5. Monitor Your Blood Sugar

You gotta keep an eye on your blood sugar levels before, during, and after drinking. The last thing you need is a surprise hypo episode ruining your night (and your dignity).

6. Have a Backup Plan

Make sure someone knows you’re on Ozempic, carry some fast-acting carbs like glucose tablets, and don’t be a hero. If you feel off, seek help.

True story.

Some years before I got on Ozempic when I was much heavier, I was out at a restaurant and made the mistake of eating a slice of cheesecake and drinking a margarita.

When I got home, I felt clammy, started to sweat, and within minutes, my clothes were fully drenched and I literally passed out on the bathroom floor.  Luckily my best friend was there and she helped me come to.  When I regained consciousness, and thanked God I was still alive, I climbed in the bed and went to sleep.  Later when I told my doctor what happened, she said I should have gone to the hospital and that I had a hyperglycemia episode.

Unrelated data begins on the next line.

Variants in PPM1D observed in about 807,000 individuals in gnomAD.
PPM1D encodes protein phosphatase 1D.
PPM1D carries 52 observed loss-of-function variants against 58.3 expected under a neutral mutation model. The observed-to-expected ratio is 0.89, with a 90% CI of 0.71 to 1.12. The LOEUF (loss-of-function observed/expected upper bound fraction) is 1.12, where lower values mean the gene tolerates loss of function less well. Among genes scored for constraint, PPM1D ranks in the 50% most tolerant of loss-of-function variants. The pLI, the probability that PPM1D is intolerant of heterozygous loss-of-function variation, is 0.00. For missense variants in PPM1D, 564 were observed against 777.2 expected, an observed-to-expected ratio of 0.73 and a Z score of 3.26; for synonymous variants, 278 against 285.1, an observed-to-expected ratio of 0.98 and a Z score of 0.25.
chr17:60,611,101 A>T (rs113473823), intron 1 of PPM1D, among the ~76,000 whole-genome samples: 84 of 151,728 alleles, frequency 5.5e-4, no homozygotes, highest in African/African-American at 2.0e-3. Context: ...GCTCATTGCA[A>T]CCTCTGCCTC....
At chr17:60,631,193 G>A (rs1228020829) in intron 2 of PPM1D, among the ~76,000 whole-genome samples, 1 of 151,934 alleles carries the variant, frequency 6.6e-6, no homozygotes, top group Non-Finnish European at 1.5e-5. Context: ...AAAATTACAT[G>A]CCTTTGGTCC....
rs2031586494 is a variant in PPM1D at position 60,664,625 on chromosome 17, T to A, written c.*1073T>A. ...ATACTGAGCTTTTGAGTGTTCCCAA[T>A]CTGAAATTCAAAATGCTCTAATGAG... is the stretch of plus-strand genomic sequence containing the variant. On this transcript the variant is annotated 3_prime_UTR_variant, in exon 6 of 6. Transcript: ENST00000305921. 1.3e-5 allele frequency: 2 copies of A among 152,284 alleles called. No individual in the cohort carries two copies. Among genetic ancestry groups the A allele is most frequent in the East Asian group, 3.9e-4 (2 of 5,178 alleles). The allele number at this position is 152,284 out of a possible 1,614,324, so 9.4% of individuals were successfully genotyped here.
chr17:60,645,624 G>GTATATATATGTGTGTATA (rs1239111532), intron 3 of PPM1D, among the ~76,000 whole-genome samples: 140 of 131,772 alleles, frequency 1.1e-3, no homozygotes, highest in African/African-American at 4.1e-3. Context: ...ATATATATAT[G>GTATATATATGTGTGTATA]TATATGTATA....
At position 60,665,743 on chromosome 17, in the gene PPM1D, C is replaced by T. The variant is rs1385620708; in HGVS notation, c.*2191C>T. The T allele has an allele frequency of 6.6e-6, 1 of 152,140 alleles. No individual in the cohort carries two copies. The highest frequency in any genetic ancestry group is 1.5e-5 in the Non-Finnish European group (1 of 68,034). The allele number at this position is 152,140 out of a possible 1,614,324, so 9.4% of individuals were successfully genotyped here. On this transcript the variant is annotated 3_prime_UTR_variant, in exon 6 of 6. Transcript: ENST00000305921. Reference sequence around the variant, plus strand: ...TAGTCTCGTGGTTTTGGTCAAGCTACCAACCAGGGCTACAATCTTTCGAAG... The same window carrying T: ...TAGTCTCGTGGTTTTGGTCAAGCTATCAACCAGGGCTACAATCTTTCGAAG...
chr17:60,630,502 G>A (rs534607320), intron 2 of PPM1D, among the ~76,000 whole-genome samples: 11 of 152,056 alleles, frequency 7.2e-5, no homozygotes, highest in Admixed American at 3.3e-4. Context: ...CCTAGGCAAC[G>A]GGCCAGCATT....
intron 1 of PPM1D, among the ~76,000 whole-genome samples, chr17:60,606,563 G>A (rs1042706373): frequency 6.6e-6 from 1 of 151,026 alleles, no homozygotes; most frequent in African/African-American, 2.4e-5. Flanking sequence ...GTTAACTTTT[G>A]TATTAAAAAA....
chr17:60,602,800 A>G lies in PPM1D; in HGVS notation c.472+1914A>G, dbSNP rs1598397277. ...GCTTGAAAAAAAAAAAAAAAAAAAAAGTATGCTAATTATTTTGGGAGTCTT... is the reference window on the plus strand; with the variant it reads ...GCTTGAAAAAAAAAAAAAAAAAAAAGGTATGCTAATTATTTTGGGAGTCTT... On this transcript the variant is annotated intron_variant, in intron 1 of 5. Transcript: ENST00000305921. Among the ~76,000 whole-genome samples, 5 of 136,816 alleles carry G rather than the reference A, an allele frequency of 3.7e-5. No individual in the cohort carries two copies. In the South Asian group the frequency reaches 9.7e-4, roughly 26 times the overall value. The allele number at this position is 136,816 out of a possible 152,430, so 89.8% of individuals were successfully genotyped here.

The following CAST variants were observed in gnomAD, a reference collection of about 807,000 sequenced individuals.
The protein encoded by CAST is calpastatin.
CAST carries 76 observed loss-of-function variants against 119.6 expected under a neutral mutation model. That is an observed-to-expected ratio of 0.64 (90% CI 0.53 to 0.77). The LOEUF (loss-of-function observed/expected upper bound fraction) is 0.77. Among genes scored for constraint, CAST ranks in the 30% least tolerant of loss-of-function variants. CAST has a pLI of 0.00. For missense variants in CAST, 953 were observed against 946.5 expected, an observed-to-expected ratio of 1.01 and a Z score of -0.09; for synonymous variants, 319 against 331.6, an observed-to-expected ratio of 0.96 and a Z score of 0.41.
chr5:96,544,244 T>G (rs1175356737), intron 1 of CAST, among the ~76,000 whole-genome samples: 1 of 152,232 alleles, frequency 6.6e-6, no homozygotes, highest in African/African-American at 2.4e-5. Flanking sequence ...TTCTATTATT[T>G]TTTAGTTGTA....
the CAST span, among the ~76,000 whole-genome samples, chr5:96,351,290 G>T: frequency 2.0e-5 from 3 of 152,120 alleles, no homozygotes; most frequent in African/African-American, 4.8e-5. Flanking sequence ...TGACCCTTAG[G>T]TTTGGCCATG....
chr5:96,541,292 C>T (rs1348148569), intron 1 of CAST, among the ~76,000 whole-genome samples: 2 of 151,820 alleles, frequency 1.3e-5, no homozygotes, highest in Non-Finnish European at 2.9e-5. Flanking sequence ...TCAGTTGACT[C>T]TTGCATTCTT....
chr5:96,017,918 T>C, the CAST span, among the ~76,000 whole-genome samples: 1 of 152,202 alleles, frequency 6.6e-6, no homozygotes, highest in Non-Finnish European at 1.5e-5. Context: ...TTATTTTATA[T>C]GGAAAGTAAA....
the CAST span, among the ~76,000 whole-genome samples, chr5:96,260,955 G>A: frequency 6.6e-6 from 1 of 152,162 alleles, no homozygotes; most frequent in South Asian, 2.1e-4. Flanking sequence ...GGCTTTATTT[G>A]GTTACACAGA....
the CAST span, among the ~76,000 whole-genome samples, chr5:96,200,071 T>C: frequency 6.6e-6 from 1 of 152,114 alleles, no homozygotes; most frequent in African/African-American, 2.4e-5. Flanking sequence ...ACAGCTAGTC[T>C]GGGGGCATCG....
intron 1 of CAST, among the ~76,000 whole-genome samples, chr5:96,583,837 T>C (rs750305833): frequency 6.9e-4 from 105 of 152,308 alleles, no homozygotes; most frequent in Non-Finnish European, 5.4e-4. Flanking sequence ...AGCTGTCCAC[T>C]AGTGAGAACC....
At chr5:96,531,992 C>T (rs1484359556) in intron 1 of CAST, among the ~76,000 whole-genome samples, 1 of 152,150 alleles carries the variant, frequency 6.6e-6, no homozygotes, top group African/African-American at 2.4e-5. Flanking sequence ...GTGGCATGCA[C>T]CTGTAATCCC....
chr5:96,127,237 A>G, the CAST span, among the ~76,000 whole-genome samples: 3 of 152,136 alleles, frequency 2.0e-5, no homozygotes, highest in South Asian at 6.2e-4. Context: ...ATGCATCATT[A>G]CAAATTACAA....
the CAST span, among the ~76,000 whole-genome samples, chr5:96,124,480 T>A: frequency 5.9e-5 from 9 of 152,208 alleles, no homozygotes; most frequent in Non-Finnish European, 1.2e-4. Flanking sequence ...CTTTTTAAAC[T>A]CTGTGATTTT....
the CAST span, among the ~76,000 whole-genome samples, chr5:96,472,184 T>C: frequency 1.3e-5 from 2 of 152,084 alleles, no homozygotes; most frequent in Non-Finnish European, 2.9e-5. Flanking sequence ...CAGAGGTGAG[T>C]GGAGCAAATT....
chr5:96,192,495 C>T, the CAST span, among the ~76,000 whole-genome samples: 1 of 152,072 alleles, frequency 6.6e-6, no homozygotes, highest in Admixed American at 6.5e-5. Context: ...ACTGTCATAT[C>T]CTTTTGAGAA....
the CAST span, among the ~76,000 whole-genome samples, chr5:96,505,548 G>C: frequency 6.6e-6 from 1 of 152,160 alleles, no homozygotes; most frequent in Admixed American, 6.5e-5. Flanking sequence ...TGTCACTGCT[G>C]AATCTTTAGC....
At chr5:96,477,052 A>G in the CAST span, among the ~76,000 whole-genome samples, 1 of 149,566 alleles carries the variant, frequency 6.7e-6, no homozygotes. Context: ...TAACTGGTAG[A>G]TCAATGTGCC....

So, I speaketh from experience.


I don’t know how I managed to give the speech I did at that dinner party Friday night as messed up as I was, but when I went back and looked at the video the next day, I impressed my own damn self. Go ‘head girl!

I know Ozempic has caused a lot of folks to stop drinking outright. It can have that effect on you. I am not there yet and I hope I never will be. I am a Friday evening through Sunday late afternoon kind of drinker. During the week it’s usually just wine and nothing stronger in the evening. But being on Ozempic has really slowed my weekday drinking down considerably.

For folks thinking about being Ozempic who love a good drink, this is something you are really going to have to take into consideration–depending on how much you drink and what you drink.